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That Grocery Mood and the Starbucks/Safeway Hybrid

I can't really file this under Design in a Small Town because I am sure it is happening everywhere.

My local Safeway, which seemingly just opened in its present location a few years ago, has undergone some renovation. The whole notion of renovation to a store that was new to begin with is utterly confounding to me.

The newspapers (yes, apparently this merits coverage) report that Safeway is now better suited to be a 'lifestyle' store. I have searched for some meaning in that and I have to call a designer/marketing bluff and say this is nonsense. I am sure I will royally anger other designers by this proclamation but the fact is this is appears to be a frivolous venture meant simply to provide Safeway with some differentiation when, inevitably, the Walmart superstore goes in across the street. Safeway = equals lifestyle (read 'high class') and Walmart = equals convenience and economy (read 'low class'). The brilliant part of this is that by claiming the lifestyle status, Safeway gives itself justification for its prices. Heck, they might even want to set the prices higher for allowing us to experience their store.

It is funny how 'lifestyle' is expressed. It is as though the Starbucks, once relegated to an awkward corner of the store, has now exploded, covering the rest of the store in a creamy hazel nut mocha wash. But this doesn't produce lifestyle. I still buy the same crap that I did before. I am not viewing myself any differently when I shop there. It is still the same old Safeway just darker, I suppose.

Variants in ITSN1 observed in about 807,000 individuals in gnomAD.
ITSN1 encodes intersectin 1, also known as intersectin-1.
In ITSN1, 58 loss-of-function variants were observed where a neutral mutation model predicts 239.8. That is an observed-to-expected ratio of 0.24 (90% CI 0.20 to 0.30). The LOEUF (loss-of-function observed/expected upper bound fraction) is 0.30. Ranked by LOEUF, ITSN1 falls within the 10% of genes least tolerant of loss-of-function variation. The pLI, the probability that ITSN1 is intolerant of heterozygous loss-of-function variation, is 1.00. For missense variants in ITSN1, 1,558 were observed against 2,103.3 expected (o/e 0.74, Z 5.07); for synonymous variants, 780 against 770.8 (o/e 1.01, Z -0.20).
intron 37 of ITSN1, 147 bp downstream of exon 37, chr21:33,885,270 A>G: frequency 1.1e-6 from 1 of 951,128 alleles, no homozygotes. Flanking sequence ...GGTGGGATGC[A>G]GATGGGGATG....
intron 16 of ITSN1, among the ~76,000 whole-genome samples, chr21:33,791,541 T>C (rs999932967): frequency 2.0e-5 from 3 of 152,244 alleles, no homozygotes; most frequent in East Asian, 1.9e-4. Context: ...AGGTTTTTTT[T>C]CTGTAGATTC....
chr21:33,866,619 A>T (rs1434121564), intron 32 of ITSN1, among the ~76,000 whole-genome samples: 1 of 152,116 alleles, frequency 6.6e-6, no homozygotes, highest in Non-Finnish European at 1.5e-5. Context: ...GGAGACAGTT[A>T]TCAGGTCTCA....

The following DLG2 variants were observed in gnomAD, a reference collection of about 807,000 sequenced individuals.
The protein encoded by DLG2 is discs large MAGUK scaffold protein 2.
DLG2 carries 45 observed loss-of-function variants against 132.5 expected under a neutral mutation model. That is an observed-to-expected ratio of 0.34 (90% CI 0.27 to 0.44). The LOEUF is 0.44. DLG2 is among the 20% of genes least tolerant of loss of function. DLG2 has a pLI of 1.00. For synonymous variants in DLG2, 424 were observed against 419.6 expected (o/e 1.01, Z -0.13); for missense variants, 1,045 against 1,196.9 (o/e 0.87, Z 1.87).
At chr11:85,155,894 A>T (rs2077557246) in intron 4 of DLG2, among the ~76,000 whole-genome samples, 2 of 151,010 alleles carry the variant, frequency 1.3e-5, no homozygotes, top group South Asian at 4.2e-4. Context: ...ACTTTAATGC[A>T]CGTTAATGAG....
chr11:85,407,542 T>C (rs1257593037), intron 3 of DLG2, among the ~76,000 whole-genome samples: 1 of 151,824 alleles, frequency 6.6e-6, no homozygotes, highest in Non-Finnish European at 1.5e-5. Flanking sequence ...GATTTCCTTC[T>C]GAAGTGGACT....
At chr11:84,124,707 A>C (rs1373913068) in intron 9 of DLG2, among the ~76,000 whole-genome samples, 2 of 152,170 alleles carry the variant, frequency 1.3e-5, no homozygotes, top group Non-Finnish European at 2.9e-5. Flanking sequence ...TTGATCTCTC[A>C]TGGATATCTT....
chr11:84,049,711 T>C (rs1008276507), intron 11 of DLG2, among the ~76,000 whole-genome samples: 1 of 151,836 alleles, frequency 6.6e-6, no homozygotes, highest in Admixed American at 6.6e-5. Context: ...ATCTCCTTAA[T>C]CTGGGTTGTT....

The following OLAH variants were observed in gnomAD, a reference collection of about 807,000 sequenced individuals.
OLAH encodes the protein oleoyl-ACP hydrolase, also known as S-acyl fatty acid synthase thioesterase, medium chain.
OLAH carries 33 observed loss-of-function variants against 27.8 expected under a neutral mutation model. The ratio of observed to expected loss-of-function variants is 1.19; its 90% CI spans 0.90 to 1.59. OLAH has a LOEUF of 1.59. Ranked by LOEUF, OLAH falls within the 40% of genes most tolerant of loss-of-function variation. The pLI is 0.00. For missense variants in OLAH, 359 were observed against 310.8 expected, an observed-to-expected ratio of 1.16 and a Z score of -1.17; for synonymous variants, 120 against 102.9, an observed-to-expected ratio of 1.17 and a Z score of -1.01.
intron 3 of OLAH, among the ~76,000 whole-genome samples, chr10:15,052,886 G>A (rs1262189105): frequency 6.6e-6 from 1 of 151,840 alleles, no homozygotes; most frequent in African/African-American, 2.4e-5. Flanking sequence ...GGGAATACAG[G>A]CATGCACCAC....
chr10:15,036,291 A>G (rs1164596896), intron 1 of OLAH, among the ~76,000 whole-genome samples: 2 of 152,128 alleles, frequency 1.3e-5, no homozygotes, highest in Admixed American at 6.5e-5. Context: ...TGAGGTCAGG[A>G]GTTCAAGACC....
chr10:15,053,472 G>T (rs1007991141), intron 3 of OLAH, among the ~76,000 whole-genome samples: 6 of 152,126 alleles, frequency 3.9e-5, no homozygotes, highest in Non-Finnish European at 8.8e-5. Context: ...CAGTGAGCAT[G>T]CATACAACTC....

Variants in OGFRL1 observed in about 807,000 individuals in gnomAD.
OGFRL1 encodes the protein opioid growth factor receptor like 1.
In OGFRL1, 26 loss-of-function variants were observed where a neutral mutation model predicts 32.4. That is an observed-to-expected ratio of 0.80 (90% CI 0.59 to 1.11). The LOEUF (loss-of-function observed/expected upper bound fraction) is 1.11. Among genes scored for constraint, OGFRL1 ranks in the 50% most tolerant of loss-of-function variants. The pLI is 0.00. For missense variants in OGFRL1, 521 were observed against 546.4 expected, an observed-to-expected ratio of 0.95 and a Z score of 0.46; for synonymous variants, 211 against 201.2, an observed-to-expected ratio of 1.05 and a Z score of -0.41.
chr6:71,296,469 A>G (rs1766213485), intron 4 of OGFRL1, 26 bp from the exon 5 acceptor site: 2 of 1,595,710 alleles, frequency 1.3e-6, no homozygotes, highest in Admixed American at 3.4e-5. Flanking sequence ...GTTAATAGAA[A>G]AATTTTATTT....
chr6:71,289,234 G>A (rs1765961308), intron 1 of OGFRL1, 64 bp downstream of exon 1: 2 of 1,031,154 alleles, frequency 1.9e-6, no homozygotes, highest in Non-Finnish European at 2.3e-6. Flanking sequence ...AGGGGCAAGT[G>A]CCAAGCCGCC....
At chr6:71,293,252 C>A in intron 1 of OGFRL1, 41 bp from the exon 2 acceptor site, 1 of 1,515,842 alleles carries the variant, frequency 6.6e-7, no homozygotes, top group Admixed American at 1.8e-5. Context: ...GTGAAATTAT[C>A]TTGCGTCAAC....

The store is dark. Apparently, my lifestyle is supposed to be vision impaired. Dim lights, faux cherry fixtures. In fact, it is so dark my wife and I joked that the next time we visit they are going to have to hand out flashlights. The fixtures are interesting, actually, because the cherry wood makes the bread aisle as though it were some sort of library reading room.

In fact, the whole store has that feel. It is an exclusive men's club. Ironically, when the store takes this affectation, the in-store Starbucks still seems awkward. It has grown in the current redesign and now, strangely, includes a fireplace. I am not sure anymore how exactly I am to use the store. Do I hang out by the fireplace with my skinny half-caff latte then, when the grocery mood hits me, wander the store in search of items meant to supplement my social standing? Or do I buy my crap but then, to reaffirm that I am more elevated that my Tide and Bounty suggest, I can put my feet up by the fire and count my commercial blessings?

I guess one good thing about the dim lights could be that the store looks cleaner than it really is. You know the Walmart will be bright enough to reveal the everyday, working class grime.

But beyond the differentiation one should consider the strangeness of this arrangement. Our grocery spaces, it seems now have to be injected with mood and atmosphere. Yet, our public structures (libraries in particular) which should have that same sort of quietness and interiority are all about transit, openness, and light. The university libraries, for instance, are about windows and wide, communal spaces.

Needless to say, we can see that our focus is to be trained in the commercial site and the public place is quite the opposite. Public spaces, for the most part, represent prestige and scale yet are designed to move you through. Not to linger and contemplate but to move on to other spaces.

Perhaps to the comfort of a lifestyle space.
gregory turner-rahman